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Tradies - sore shoulder?

Published: August 2, 2022

The shoulder is one of the most complex joints in the human body. It is also the body’s most mobile joint which means it is prone to instability.

Shoulder pain is one of the more common types of joint issues that a tradie deals with, whether it’s just worn and tear from overuse or something more serious like a rotator cuff tear.

Today we’re going to talk about why you are experiencing shoulder pain and how you can fix it. Work-related musculoskeletal disorders have been defined as “injuries caused or aggravation to the muscles, tendons, joints, and nerves by work” [1]. Shoulder pain is the second highest cause of pain among tradies, only behind back pain. This is due to the physical nature of the work which is quite demanding on the body and includes carrying, lifting, or moving heavy materials, vibrations from tools, working in extreme temperatures, twisting of the shoulder joint, repetitive movements and working overhead. Use of the arm above shoulder level for long periods of time is a risk factor for developing rotator cuff tears [2]. Furthermore, vibrations from tools and awkward posture are two other major risk factors for musculoskeletal disorders of the shoulder [3]. In addition, execution of tasks by tradies that require twisting of the shoulder joints and neck puts strain on the body for long periods of time. This can cause fatigue on the joints, tendons, and muscles, lead to injuries or in severe cases it can lead to permanent deformation. Tradies usually work for long days, working eight hours or more, which puts a lot of strain on the body for long periods of time [1]. Therefore, if you have shoulder pain and find yourself doing any of these tasks or movements through your day at work this is likely the cause.

If you’re a tradie with a sore shoulder, here are some tips to manage it:


Stretching and strengthening the muscles in and around the shoulder can help to manage pain and reduce the risk of further injury once the injury has healed. This is due to improving flexibility and creating resilience in the joint.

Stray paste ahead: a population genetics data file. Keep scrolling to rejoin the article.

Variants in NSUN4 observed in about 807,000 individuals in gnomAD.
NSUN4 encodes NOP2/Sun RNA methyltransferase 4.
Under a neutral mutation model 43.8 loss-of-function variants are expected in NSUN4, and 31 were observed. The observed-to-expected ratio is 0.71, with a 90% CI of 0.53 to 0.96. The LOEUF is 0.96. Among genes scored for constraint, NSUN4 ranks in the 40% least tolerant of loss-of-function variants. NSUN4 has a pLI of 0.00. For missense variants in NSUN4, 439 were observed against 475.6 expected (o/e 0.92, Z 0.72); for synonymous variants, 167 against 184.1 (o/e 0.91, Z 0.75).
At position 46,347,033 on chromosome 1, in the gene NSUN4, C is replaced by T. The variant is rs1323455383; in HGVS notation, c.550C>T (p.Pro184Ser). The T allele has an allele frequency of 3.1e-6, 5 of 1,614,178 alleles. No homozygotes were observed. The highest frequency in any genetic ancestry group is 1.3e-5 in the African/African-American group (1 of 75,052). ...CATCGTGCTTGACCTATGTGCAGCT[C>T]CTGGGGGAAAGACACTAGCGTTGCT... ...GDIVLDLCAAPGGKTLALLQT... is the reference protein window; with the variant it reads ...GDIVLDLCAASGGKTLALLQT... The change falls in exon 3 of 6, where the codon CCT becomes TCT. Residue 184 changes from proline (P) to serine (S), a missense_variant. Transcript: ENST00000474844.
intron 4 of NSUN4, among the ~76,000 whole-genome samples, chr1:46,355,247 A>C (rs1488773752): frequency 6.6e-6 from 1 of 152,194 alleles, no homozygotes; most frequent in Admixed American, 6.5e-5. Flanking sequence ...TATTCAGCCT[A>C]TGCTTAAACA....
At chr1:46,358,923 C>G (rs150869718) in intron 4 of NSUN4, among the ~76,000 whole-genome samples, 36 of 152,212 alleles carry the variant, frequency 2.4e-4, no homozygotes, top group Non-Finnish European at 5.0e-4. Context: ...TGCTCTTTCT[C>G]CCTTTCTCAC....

When the shoulder is feeling stiff and pain with movement, applying heat to the affected area can relieve pain and ease tension. Use a heat pack at the end of the day to relieve pain and increase movement in the shoulder.


Due to the physical nature of tradies work, rest is one of the most effective ways to reduce pain and recover from strain or injury. But how do you rest when you work 5/6 days a week?

Here are a few ways to rest the shoulder while still getting the job done:

· Alternate tasks so you’re not using the shoulder for long periods of time

· Use lunch breaks to stretch the shoulder out

· Wear a shoulder support when lifting heavy or moving the arm

Steps To Reduce the Risk Of Injury

1. Take regular breaks when you need it

2. Ask for help if the job at hand requires more than one person

3. Be mindful and focused: ask yourself if there is a better way to do the task at hand and always have full concentration

4. Don’t ignore aches and pains, its better to get checked out as soon as possible so it doesn’t get worse, and you don’t have to miss work because of it

How Back In Motion Can Help Tradies

1. Treat your injury through chiropractic adjustments and massage

2. Give you tips on how to get back on track

3. Correct your posture and body mechanics which helps to reduce the risk of injury

4. Correct your lifting technique so that you are lifting with your legs instead of your back which puts strain on the joints

5. Prescribe an exercise program to stretch and strengthen your muscles which greatly reduces the risk of injury

If you need help with your shoulder pain, or just want advice on prevention of injuries call Back In Motion Cranbourne on 59984554 or book an appointment online at


[1] Saedpanah, K, Motamedzade, M, Salimi, K, Eskandari, T & Samaei, S. Physical Risk Factors among Construction Workers by Workplace Ergonomic Risk Assessment (WERA) Method. Archives of Occuptional Health. 2018; 2(1):56-62.

[2] Loew, M, Doustdar, S, Drath, C, Weber, M, Bruckner, T, Porschke, F, Raiss, P, Schiltenwolf, M, Almansour, H & Akbar, M. Could long-term overhead load in painters be associated with rotator cuff lesions? A pilot study. Plos One. 2019; 14(6).

[3] Charles, L, Ma, C, Burchfiel, C & Dong, R. Vibration and Ergonomic Exposures Associated With Musculoskeletal Disorders of the Shoulder and Neck. Safety and Health at Work. 2018; 9(2): 125-132.